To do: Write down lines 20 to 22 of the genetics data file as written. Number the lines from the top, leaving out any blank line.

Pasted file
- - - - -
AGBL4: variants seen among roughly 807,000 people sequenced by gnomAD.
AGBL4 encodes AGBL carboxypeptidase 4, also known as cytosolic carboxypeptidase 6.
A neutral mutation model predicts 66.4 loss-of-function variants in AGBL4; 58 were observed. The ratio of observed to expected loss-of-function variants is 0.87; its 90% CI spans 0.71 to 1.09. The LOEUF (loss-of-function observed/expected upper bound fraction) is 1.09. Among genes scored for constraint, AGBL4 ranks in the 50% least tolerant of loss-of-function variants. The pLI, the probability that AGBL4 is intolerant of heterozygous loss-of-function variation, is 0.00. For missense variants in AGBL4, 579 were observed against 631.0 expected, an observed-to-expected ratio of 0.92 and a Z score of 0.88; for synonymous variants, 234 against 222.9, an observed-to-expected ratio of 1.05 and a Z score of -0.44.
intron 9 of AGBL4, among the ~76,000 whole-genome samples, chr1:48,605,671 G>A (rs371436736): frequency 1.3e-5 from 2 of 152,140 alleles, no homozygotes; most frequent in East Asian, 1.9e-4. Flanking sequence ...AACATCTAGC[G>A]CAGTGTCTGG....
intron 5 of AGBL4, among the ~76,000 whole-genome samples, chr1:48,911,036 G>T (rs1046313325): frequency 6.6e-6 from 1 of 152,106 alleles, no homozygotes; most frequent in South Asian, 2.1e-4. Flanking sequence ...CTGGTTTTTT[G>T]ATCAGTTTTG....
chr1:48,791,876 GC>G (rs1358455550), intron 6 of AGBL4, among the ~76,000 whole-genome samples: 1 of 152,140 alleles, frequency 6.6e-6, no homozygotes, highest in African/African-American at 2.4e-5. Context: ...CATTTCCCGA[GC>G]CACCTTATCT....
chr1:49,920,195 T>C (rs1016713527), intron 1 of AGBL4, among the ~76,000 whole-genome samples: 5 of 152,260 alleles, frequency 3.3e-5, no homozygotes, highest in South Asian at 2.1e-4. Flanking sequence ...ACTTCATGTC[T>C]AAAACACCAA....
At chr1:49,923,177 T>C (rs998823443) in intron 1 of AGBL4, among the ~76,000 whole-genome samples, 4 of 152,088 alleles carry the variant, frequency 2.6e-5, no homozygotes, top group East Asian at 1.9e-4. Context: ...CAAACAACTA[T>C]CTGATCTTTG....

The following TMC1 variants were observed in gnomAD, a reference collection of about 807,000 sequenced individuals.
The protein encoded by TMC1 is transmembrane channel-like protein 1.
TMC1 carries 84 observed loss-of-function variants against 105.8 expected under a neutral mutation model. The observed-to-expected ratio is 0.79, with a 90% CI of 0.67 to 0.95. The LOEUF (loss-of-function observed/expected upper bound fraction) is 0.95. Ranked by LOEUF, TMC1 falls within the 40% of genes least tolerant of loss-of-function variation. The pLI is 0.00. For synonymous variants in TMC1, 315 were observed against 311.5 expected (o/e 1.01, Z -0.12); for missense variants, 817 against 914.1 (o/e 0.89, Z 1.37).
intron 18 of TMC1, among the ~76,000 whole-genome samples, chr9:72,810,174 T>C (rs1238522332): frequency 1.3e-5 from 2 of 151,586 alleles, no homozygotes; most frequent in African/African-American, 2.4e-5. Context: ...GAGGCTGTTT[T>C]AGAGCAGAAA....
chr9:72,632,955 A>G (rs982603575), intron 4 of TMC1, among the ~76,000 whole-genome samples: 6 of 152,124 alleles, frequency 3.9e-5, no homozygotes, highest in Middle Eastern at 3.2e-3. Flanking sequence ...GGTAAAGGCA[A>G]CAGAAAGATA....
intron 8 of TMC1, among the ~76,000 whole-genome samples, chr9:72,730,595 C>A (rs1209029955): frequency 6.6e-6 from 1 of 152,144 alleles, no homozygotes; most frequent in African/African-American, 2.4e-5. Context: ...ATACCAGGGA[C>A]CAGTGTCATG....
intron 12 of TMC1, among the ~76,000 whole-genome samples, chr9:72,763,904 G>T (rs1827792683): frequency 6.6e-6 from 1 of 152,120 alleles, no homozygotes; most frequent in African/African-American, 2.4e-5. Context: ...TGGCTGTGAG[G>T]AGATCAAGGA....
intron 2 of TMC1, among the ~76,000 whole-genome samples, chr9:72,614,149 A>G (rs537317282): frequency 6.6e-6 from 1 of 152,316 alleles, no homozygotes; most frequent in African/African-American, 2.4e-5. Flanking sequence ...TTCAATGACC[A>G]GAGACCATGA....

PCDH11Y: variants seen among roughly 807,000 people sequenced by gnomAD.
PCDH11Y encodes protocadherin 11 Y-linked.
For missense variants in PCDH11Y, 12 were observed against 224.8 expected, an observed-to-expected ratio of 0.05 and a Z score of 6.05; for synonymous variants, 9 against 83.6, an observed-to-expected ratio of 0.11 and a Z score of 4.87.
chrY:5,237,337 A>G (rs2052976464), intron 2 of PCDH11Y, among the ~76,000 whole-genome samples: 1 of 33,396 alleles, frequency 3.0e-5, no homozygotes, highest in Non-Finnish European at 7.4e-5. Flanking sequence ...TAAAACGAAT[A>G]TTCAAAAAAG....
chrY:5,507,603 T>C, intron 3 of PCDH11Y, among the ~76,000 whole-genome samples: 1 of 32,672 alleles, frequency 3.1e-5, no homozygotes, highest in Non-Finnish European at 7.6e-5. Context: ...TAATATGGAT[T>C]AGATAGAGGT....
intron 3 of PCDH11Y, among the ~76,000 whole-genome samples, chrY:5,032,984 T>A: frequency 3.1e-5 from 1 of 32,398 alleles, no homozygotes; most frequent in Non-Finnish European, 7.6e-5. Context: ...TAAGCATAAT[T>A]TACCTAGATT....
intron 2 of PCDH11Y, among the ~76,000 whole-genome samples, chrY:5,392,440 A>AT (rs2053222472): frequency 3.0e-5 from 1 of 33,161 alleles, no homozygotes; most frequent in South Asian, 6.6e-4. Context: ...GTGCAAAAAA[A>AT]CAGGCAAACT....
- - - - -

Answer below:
chrY:5,237,337 A>G (rs2052976464), intron 2 of PCDH11Y, among the ~76,000 whole-genome samples: 1 of 33,396 alleles, frequency 3.0e-5, no homozygotes, highest in Non-Finnish European at 7.4e-5. Flanking sequence ...TAAAACGAAT[A>G]TTCAAAAAAG....
chrY:5,507,603 T>C, intron 3 of PCDH11Y, among the ~76,000 whole-genome samples: 1 of 32,672 alleles, frequency 3.1e-5, no homozygotes, highest in Non-Finnish European at 7.6e-5. Context: ...TAATATGGAT[T>C]AGATAGAGGT....
intron 3 of PCDH11Y, among the ~76,000 whole-genome samples, chrY:5,032,984 T>A: frequency 3.1e-5 from 1 of 32,398 alleles, no homozygotes; most frequent in Non-Finnish European, 7.6e-5. Context: ...TAAGCATAAT[T>A]TACCTAGATT....